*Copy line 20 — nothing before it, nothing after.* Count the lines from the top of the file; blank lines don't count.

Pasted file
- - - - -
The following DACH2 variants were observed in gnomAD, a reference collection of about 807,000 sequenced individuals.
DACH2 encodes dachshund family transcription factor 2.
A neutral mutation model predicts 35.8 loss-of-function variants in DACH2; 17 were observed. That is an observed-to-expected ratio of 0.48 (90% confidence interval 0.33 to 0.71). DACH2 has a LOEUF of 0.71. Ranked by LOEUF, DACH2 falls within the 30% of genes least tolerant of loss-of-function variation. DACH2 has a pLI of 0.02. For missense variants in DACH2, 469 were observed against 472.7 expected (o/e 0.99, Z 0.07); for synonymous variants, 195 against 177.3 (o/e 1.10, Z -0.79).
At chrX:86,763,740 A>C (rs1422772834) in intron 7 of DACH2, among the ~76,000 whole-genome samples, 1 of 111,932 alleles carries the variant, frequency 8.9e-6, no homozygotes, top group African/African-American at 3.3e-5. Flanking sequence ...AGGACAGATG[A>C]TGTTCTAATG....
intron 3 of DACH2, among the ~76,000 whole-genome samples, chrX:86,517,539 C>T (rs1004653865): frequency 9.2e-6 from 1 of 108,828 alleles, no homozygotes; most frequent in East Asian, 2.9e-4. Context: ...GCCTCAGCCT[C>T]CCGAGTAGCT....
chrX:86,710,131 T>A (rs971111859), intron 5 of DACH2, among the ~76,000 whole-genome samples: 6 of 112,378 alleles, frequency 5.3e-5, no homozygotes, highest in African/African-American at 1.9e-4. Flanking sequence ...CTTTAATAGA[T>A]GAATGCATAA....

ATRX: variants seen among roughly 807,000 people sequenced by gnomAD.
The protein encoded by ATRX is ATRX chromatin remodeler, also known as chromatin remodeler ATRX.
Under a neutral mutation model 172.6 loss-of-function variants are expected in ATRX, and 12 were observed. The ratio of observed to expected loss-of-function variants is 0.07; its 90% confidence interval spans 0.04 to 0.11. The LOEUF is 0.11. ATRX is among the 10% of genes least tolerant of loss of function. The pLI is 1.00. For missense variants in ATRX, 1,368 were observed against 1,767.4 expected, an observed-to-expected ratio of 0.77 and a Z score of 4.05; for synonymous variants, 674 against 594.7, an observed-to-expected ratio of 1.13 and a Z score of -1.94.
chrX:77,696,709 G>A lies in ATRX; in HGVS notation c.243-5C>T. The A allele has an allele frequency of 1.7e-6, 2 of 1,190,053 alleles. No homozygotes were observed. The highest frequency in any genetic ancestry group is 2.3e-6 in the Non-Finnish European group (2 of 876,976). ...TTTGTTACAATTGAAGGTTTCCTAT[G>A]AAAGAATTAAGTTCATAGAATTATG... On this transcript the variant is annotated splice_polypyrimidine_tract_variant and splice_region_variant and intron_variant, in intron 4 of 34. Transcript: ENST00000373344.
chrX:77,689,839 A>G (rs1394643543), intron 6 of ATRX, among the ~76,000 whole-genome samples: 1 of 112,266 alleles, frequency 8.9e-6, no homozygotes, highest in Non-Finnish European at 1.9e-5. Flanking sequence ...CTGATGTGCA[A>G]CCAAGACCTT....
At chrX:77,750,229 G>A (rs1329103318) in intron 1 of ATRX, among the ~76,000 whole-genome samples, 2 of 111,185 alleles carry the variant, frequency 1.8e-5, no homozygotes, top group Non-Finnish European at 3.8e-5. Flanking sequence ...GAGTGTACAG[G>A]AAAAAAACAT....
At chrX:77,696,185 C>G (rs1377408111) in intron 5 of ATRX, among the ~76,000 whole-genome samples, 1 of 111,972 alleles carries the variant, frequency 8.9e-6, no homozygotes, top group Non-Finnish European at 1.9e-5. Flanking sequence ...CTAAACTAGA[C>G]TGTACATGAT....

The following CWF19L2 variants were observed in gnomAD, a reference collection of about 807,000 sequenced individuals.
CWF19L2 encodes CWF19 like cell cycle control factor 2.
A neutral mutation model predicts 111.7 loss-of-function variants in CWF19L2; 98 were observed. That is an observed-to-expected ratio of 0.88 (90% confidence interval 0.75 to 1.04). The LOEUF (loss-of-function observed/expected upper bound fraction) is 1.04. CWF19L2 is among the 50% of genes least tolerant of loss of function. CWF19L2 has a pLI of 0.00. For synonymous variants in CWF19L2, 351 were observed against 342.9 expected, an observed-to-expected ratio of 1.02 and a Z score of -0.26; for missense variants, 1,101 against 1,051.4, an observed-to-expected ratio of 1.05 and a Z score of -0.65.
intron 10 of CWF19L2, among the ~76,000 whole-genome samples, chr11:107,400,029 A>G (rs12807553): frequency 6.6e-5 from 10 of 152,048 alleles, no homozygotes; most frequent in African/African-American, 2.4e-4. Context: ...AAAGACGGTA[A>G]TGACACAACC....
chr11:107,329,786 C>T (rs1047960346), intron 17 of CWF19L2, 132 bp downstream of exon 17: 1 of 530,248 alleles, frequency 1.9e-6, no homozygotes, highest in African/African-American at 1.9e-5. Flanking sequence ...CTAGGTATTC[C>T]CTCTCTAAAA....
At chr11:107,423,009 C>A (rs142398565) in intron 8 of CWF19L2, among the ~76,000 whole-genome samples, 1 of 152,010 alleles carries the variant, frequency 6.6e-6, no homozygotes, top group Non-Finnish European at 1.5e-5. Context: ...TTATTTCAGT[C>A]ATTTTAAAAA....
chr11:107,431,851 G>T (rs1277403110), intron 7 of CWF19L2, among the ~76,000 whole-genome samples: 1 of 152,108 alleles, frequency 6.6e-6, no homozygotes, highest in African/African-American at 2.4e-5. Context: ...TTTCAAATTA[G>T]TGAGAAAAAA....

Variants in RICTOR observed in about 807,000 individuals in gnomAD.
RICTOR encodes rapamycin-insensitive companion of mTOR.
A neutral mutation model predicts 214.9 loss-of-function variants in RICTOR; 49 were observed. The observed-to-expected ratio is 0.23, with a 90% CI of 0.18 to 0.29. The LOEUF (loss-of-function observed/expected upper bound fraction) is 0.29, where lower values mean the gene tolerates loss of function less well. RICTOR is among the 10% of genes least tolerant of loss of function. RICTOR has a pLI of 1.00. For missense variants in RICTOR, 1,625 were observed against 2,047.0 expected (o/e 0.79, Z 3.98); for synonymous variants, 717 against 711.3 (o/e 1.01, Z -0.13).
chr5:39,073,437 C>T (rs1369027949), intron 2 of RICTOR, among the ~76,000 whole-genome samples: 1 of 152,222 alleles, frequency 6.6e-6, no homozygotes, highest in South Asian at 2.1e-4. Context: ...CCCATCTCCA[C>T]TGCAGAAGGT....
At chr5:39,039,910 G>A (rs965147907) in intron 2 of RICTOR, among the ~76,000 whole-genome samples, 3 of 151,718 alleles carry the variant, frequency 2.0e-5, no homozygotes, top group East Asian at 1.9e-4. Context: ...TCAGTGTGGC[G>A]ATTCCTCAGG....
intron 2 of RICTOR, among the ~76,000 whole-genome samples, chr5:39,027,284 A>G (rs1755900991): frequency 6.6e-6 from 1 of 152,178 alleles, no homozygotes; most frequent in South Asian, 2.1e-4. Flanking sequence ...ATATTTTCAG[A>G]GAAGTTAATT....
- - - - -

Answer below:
chr11:107,431,851 G>T (rs1277403110), intron 7 of CWF19L2, among the ~76,000 whole-genome samples: 1 of 152,108 alleles, frequency 6.6e-6, no homozygotes, highest in African/African-American at 2.4e-5. Context: ...TTTCAAATTA[G>T]TGAGAAAAAA....